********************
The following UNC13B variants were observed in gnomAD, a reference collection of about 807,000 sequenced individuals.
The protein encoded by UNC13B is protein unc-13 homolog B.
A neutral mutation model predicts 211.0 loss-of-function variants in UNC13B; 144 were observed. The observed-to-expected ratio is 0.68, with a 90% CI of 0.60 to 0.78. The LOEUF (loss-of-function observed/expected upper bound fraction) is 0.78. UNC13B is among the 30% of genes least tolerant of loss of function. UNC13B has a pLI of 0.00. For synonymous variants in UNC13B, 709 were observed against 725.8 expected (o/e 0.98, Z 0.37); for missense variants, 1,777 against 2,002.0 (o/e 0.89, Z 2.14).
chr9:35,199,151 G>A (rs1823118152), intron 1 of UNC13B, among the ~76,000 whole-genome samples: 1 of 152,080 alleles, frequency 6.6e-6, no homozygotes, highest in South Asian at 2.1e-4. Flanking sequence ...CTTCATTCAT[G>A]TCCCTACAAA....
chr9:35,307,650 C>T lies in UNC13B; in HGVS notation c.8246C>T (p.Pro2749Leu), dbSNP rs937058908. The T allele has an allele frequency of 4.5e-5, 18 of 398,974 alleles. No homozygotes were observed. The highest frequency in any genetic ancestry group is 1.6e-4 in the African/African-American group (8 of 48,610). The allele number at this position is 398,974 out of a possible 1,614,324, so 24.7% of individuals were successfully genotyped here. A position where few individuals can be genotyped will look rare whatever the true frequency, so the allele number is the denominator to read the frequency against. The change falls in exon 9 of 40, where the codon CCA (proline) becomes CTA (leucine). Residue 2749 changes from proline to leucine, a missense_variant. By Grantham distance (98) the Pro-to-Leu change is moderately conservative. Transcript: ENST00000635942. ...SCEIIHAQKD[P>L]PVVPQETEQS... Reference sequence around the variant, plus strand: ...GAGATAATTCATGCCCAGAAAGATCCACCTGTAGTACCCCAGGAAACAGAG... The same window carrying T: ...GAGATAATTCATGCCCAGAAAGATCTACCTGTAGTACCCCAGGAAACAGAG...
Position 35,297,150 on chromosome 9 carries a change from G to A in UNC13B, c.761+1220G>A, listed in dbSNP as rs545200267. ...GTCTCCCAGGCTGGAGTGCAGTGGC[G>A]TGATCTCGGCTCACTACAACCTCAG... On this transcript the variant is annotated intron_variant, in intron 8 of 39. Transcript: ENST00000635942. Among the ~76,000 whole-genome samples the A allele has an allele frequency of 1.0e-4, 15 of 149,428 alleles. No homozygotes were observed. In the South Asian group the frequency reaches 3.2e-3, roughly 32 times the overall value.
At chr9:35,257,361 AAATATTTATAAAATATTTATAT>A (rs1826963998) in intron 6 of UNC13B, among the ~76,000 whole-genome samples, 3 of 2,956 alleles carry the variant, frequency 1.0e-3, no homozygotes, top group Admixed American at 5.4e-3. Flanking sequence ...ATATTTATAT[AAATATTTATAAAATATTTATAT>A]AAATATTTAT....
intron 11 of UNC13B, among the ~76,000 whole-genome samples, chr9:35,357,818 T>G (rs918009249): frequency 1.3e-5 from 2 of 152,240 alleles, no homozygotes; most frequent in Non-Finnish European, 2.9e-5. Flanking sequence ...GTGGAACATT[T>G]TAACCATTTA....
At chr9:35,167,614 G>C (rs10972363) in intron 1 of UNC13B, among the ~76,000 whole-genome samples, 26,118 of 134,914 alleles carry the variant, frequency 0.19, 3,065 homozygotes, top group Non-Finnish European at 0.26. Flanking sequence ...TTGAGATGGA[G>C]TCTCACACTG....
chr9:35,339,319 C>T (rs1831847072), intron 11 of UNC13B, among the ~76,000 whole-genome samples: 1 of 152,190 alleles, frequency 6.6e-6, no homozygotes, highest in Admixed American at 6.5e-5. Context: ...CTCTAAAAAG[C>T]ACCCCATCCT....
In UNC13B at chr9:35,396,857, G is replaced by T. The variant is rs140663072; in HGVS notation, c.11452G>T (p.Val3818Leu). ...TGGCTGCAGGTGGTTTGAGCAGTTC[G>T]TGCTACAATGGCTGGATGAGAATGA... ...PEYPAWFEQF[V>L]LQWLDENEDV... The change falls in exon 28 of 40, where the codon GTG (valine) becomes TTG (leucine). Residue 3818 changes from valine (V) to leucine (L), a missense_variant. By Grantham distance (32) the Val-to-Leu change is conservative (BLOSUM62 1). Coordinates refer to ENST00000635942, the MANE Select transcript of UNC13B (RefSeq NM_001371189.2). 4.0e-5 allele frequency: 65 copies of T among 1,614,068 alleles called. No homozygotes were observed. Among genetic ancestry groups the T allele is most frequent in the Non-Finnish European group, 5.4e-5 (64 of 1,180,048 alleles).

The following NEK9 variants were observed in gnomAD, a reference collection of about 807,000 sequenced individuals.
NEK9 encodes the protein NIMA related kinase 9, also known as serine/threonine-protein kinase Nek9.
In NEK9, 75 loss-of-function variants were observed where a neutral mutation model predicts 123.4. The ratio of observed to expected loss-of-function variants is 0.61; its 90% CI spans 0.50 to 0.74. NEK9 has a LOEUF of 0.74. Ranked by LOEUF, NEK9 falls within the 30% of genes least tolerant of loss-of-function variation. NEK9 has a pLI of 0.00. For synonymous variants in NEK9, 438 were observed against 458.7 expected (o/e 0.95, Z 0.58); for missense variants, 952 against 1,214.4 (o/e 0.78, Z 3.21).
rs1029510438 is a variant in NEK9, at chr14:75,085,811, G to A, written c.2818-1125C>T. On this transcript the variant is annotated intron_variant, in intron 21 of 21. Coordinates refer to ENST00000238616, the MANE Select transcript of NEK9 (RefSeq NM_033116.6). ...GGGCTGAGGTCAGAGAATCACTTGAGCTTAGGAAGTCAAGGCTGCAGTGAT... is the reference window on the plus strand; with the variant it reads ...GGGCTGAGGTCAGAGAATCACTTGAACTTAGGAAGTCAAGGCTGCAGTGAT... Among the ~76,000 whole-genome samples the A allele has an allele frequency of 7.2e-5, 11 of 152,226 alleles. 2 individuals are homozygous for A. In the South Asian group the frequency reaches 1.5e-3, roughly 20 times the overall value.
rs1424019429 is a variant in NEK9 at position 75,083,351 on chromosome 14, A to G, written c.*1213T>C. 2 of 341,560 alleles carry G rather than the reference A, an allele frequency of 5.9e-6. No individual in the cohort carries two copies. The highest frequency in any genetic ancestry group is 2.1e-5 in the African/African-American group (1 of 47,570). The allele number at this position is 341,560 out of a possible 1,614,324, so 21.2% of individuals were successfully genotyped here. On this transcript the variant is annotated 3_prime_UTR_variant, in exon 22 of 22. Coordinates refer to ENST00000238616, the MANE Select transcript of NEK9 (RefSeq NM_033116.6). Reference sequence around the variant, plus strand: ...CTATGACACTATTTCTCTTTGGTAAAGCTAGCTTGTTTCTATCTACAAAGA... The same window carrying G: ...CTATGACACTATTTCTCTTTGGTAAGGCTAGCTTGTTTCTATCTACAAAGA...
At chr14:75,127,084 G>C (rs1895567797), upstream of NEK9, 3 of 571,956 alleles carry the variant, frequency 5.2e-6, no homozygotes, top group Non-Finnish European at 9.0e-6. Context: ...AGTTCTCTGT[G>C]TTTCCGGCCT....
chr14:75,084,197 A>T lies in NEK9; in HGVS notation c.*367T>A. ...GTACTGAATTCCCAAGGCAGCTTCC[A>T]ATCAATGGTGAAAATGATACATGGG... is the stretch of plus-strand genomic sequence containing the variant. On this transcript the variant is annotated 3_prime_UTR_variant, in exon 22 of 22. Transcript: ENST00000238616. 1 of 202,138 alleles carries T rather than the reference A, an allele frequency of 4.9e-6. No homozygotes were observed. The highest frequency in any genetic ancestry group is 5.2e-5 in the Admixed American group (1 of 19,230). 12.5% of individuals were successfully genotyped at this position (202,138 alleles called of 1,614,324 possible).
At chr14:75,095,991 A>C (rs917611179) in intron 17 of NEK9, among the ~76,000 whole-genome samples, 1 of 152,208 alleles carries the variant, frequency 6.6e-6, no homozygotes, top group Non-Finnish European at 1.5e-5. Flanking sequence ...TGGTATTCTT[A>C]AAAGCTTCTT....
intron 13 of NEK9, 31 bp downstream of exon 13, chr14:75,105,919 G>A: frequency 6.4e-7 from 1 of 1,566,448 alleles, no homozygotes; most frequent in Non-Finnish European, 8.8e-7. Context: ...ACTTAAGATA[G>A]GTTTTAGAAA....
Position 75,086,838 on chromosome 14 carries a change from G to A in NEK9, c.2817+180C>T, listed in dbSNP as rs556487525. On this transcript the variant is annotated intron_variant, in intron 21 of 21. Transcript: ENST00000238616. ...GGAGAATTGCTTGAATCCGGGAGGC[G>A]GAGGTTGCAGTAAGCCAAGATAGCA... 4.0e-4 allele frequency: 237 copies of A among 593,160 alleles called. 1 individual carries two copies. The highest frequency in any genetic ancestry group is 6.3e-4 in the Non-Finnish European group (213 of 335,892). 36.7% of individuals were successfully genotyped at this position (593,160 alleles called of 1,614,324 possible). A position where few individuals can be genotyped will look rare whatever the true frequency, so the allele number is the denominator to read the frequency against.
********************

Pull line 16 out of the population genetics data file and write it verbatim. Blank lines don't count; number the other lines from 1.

rs1424019429 is a variant in NEK9 at position 75,083,351 on chromosome 14, A to G, written c.*1213T>C. 2 of 341,560 alleles carry G rather than the reference A, an allele frequency of 5.9e-6. No individual in the cohort carries two copies. The highest frequency in any genetic ancestry group is 2.1e-5 in the African/African-American group (1 of 47,570). The allele number at this position is 341,560 out of a possible 1,614,324, so 21.2% of individuals were successfully genotyped here. On this transcript the variant is annotated 3_prime_UTR_variant, in exon 22 of 22. Coordinates refer to ENST00000238616, the MANE Select transcript of NEK9 (RefSeq NM_033116.6). Reference sequence around the variant, plus strand: ...CTATGACACTATTTCTCTTTGGTAAAGCTAGCTTGTTTCTATCTACAAAGA... The same window carrying G: ...CTATGACACTATTTCTCTTTGGTAAGGCTAGCTTGTTTCTATCTACAAAGA...